After long days of construction work, Rogaciano Ríos Marcial enjoyed coming home to his wife’s comforting meals. Some days she’d treat him to chicken mole or his favorite traditional Mexican soup, menudo. The two would swap stories each evening and catch up on each other’s adventures.
The couple met about 11 years ago when they both worked at a Pappasito’s restaurant. She was busser, and he was a dishwasher.
“We loved each other so much,” he says in Spanish. “We were so happy.”
But shortly after Mother’s Day, María Lorena Suárez Escobedo fell into a coma and never woke up. She died on May 22 of liver complications — two days before her husband’s 46th birthday. She was 41.
About five years ago, a vein near her liver erupted and wreaked havoc throughout her organs. She received treatment then, but the pain returned this year. Ríos Marcial noticed her health deteriorate drastically in May, when he persuaded her to get emergency treatment. By that point, though, she could barely speak.
Suárez Escobedo had grown fearful of doctors after several rounds of medication and bloodwork, but she finally agreed with her husband. She responded well to the medication at first, but her husband was soon told to prepare for the worst.
The news that his wife would not survive hit him one afternoon while leaving the hospital and walking to the bus stop. He began to weep uncontrollably. “I remembered God and asked him to take away the pain,” he says. Praying helped him collect himself, but he rode back home that afternoon realizing for the first time that his entire life was about to change.
When Suárez Escobedo died, Ríos Marcial became a widowed single father to his four children and six stepchildren. “Why did this happen to us?” the younger kids ask him. “Why is Mom gone?” He doesn’t have the answers. All he knows is that each day he has to muster the strength to hold the family together without his beloved wife.
Ríos Marcial now cares for their four children, Alma, 10; Jasmine, 9; Keaity, 7; and Jesús Roberto, 5. His stepchildren live with other relatives.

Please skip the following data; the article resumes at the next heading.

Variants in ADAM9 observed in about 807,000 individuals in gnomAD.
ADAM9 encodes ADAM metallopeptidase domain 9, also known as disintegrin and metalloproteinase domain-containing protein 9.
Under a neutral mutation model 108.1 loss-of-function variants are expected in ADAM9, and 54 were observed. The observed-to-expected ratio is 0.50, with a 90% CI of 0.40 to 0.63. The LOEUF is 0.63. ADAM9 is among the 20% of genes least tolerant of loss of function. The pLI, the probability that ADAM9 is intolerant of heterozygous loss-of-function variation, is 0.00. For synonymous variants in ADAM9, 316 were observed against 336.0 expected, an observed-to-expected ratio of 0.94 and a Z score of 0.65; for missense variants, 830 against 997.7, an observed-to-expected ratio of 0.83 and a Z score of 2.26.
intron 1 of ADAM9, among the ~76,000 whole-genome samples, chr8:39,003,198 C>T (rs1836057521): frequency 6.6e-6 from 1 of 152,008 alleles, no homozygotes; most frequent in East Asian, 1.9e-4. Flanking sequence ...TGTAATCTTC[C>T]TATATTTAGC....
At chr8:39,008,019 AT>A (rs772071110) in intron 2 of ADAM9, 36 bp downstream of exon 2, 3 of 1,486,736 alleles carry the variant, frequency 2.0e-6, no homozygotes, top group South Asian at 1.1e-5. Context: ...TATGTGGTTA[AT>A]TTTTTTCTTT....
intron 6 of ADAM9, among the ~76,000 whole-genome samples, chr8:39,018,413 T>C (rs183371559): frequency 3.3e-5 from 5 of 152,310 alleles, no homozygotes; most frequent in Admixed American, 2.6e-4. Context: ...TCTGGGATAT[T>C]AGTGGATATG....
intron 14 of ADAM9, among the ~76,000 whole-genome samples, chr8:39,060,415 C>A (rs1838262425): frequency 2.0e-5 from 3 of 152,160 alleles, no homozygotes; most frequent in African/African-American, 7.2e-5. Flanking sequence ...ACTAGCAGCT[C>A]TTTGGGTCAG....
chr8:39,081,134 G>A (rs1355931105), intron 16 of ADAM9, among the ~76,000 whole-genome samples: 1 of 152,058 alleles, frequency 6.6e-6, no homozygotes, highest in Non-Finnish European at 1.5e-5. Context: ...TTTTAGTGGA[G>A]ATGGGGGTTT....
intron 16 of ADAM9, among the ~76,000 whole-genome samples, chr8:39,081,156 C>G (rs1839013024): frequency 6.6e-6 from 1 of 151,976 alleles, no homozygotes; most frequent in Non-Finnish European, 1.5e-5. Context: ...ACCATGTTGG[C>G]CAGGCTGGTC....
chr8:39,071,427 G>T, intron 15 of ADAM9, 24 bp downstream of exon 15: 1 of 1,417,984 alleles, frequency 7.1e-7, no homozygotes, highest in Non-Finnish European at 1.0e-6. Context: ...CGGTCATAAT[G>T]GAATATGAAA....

As a single dad, Ríos Marcial has struggled to manage the family’s new normal, from cooking duties to combing his girls’ hair and making them ponytails before school each morning. He’s still working his full-time construction job, though he had to leave an additional part-time job to care for his children. Each night he’s reminded of those evening conversations that he shared with his wife and misses talking to her.
Nowadays, before bed or whenever the family heads out of the house, Ríos Marcial blesses each of them with the sign of the cross. Alma, the oldest, then blesses him.
The Ríos Marcial family’s wishes
Financial support for three-bedroom apartment with two bathrooms in North Austin; rental assistance; truck repairs; help with utilities, car insurance and phone bills; attorney who can create will; life insurance; a washer and dryer; a microwave; gift cards to H-E-B and Walmart; shopping service; two twin-size beds with trundles; queen bed with frame and headboard; bedding; grief counseling for family in Spanish; parenting classes in Spanish; cooking classes for family in Spanish; English tutor for Alma; family computer with wireless internet connection; tablets for children; English as a second language classes for father; vanity and desk for Alma; dressers; trip to Austin’s Park N Pizza and Thinkery; professional photographer for family portrait; pots and pans; dishes, silverware and utensils; glassware and plasticware; cleaning supplies; bathroom shower curtain and rug; toiletries; hairbrushes and hair accessories for girls; DVD player and DVD family movies in Spanish; clothes for father: size extra-large shirts, men’s pants 36 x 32, men’s size 10 shoes; clothes for Alma, who enjoys soccer: girls size 10/12 shirts and pants, girls 6 1/2 size shoes; clothes for Jasmine, who likes Shopkins: girls size 7 shirts and pants; girls size 2 shoes; clothes for Keaity, who also likes Shopkins: girls size 4/5 shirts, girls size 7 pants, girls 12 size shoes; clothes for Jesús Roberto, who likes Thomas the Train & Friends: boys size 4/5 extra-small shirts, boys size 5 pants and boys size 12 shoes.
Nominated by: Boys & Girls Clubs of the Austin Area, 5407 N. Interstate 35, Suite 400, Austin, Texas, 78723. 512-444-7199, bgcaustin.org
Its mission: To enable all young people, especially those who need us most, to reach their full potential as productive, caring and responsible citizens.